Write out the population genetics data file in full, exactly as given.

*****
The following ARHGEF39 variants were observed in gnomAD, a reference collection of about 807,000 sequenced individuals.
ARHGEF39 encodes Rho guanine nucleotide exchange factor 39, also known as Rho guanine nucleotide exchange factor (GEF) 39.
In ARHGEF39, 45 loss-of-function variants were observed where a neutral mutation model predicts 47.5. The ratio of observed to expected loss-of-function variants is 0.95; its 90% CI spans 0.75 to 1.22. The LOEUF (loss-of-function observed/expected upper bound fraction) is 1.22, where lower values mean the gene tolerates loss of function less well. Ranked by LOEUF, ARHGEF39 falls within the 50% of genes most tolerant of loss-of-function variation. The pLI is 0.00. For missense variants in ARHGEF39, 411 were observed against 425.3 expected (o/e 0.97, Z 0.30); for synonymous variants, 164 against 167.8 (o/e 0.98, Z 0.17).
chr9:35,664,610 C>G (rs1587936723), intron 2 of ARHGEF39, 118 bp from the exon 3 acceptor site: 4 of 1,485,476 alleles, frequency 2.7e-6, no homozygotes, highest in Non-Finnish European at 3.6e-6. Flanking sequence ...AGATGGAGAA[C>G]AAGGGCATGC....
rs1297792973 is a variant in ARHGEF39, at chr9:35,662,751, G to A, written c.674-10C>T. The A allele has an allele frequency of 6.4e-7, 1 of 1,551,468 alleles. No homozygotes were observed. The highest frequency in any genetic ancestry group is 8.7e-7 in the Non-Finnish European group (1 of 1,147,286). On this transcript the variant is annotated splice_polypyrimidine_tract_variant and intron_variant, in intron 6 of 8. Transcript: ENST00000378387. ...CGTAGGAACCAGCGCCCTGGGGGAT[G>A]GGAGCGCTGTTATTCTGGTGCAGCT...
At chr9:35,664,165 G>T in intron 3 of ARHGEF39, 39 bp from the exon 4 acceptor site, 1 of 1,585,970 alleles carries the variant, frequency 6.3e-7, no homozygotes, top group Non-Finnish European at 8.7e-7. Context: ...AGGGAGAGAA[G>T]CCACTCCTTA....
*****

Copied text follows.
The following ARHGEF39 variants were observed in gnomAD, a reference collection of about 807,000 sequenced individuals.
ARHGEF39 encodes Rho guanine nucleotide exchange factor 39, also known as Rho guanine nucleotide exchange factor (GEF) 39.
In ARHGEF39, 45 loss-of-function variants were observed where a neutral mutation model predicts 47.5. The ratio of observed to expected loss-of-function variants is 0.95; its 90% CI spans 0.75 to 1.22. The LOEUF (loss-of-function observed/expected upper bound fraction) is 1.22, where lower values mean the gene tolerates loss of function less well. Ranked by LOEUF, ARHGEF39 falls within the 50% of genes most tolerant of loss-of-function variation. The pLI is 0.00. For missense variants in ARHGEF39, 411 were observed against 425.3 expected (o/e 0.97, Z 0.30); for synonymous variants, 164 against 167.8 (o/e 0.98, Z 0.17).
chr9:35,664,610 C>G (rs1587936723), intron 2 of ARHGEF39, 118 bp from the exon 3 acceptor site: 4 of 1,485,476 alleles, frequency 2.7e-6, no homozygotes, highest in Non-Finnish European at 3.6e-6. Flanking sequence ...AGATGGAGAA[C>G]AAGGGCATGC....
rs1297792973 is a variant in ARHGEF39, at chr9:35,662,751, G to A, written c.674-10C>T. The A allele has an allele frequency of 6.4e-7, 1 of 1,551,468 alleles. No homozygotes were observed. The highest frequency in any genetic ancestry group is 8.7e-7 in the Non-Finnish European group (1 of 1,147,286). On this transcript the variant is annotated splice_polypyrimidine_tract_variant and intron_variant, in intron 6 of 8. Transcript: ENST00000378387. ...CGTAGGAACCAGCGCCCTGGGGGAT[G>A]GGAGCGCTGTTATTCTGGTGCAGCT...
At chr9:35,664,165 G>T in intron 3 of ARHGEF39, 39 bp from the exon 4 acceptor site, 1 of 1,585,970 alleles carries the variant, frequency 6.3e-7, no homozygotes, top group Non-Finnish European at 8.7e-7. Context: ...AGGGAGAGAA[G>T]CCACTCCTTA....